As systems continue to fail us, mutual aid is a compelling framework to explore. It asks us to move from the individualism of white supremacy to collective action based on interconnection. It offers a model of community care that is not reliant on oppressive institutions. It could be one of the keys to our survival as a species.
This video, “Shit’s Totally FUCKED! What Can We Do?: A Mutual Aid Explainer” offers a helpful overview of mutual aid, with examples of what it can look like, such as the National Bail Out. It reminds us that mutual aid is “solidarity, not charity.”
For those of us motivated by the possibilities of mutual aid, there are resources out there to guide implementation, and examples of mutual aid being put into practice. The makers of this video suggest the mutual aid toolbox on BigDoorBrigade.com.
Co-operate WNC is an organization focused on mutual aid in this region. I do not know much about their work, though I did have a conversation with founder Zev Friedman as he was getting started with this project. I appreciate that their website names that their organization is all white and that they are a journey to change that. I mention Co-operate WNC here because they are promoting mutual aid, hosting learning circles, and offering support to those who want to start their own Mutual Aid Hub in WNC.
The dominant culture teaches us to focus on ourselves and our immediate families. This limits our capacity to be in right relationship with the human and more-than-human ecosystems we are a part of. Developing networks of mutual aid can help undo that socialization, creating new norms of tending to the whole.
Southside Rising this Saturday
Southside Rising for Culture, the second annual community pride celebration hosted by Southside Rising, will be this Saturday, July 20, at the pavilion behind the Arthur R. Edington Center, 133 Livingston Street. The event will begin with a parade at 5:15 pm, followed by a cultural showcase featuring the Delta House Jazz Band and RAICES at 6 pm, and a music and art showcase hosted by Slay the Mic at 7:30 pm.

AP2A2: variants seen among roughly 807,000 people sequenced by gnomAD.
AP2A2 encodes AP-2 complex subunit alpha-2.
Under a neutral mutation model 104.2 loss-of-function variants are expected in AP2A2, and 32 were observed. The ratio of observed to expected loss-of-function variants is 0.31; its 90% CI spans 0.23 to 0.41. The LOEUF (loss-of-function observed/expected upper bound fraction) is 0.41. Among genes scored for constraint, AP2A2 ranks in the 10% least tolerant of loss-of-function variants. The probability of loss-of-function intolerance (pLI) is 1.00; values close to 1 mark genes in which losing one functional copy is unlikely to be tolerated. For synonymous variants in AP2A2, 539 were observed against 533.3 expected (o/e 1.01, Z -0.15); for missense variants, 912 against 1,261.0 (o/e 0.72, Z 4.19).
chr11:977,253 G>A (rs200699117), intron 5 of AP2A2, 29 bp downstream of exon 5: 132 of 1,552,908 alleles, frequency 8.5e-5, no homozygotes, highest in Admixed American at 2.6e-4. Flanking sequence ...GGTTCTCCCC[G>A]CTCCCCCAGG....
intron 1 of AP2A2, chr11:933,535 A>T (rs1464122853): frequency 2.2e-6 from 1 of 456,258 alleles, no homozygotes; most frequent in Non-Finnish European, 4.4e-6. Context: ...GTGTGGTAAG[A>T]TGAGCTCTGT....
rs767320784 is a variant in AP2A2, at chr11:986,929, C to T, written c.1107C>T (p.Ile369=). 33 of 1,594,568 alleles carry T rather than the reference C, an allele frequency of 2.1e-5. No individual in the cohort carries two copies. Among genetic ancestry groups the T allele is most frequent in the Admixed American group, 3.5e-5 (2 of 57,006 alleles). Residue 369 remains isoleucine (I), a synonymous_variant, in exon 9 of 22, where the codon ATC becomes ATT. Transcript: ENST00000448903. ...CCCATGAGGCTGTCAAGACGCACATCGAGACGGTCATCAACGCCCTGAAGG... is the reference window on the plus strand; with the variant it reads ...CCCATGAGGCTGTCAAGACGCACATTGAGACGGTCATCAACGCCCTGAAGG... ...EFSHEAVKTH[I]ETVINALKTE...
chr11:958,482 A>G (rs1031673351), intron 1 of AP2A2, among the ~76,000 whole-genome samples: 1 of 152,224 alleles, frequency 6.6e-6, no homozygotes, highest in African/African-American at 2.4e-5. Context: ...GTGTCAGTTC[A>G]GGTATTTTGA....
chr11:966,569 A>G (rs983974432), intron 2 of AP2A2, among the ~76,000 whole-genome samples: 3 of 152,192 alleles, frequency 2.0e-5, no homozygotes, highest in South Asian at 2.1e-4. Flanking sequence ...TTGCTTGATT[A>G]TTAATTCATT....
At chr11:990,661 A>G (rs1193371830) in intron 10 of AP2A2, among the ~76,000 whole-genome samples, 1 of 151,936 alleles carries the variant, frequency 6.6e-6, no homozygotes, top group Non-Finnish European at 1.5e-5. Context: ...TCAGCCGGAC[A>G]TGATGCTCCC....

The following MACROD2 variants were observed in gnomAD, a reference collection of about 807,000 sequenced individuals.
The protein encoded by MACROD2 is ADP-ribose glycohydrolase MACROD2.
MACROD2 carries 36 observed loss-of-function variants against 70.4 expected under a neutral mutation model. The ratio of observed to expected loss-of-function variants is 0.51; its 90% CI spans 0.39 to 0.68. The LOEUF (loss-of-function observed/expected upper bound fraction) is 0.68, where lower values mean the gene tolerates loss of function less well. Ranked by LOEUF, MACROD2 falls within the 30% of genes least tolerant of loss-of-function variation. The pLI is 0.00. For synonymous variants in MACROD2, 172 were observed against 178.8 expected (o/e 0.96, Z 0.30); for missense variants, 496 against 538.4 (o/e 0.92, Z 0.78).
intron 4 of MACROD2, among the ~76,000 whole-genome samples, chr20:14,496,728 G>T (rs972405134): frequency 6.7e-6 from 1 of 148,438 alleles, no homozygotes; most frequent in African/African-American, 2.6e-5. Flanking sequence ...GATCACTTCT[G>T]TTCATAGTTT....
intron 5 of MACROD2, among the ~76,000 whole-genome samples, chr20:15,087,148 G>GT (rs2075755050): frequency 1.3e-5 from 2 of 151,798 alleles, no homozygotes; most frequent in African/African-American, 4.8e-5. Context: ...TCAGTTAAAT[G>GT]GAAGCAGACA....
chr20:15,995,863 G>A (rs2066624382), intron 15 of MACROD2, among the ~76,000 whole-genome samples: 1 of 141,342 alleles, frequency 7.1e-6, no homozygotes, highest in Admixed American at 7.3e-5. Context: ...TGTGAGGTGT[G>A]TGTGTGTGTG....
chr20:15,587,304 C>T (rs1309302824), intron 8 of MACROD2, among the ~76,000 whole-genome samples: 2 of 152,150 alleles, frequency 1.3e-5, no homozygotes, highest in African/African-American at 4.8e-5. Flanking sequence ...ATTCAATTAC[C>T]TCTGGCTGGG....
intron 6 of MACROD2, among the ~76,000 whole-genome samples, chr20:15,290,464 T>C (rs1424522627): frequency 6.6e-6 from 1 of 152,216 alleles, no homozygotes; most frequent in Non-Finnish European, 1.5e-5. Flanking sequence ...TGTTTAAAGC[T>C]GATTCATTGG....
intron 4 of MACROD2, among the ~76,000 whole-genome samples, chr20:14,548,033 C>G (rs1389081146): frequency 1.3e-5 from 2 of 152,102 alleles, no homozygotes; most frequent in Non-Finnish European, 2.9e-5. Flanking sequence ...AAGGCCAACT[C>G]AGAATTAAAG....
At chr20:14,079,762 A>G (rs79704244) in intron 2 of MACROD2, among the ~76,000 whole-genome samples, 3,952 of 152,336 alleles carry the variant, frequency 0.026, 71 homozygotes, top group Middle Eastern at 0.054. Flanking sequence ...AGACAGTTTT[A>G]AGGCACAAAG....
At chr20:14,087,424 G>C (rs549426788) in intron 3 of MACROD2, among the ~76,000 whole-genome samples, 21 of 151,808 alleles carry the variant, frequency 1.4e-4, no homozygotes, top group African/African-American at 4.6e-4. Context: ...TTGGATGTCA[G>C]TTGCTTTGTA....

In addition to the performances listed above, the event will include food, vendors, a “Southside Stories” space to capture input from residents interested in preserving and advancing Southside community culture, and an “Our Youth” space with bounce houses, garden activities, and intergenerational movement building with the Center for Participatory Change’s Seeds of Hope.
Southside Rising is a collaboration between organizations and individuals desiring to cultivate healing, restore and reclaim community culture, support emerging leaders, grow food, and incubate economic development in the historically African American Southside neighborhood.
Organizers are still seeking donors and sponsors to offset costs of this event. You can email firstname.lastname@example.org to find out how to make a contribution.
The adé PROJECT
Last Friday, the adé PROJECT sent out an eNewsletter full of exciting updates. One of the announcements in the most recent missive was about an Art + Wellness weekend of events to be held July 25-28, click here for details and to register. If you want to find out more about this initiative to “actualize equity, spark creative inquiry + reclaim the narrative” for people of color, visit theadeproject.org.
Related, if you are a regular reader, you may have referenced the events calendar on this site. I’m happy to report that the calendar is now a collaboration with the adé PROJECT, which means Cortina Jenelle Caldwell and her team are adding to it in addition to Keaton Hill and myself. Check it out here.
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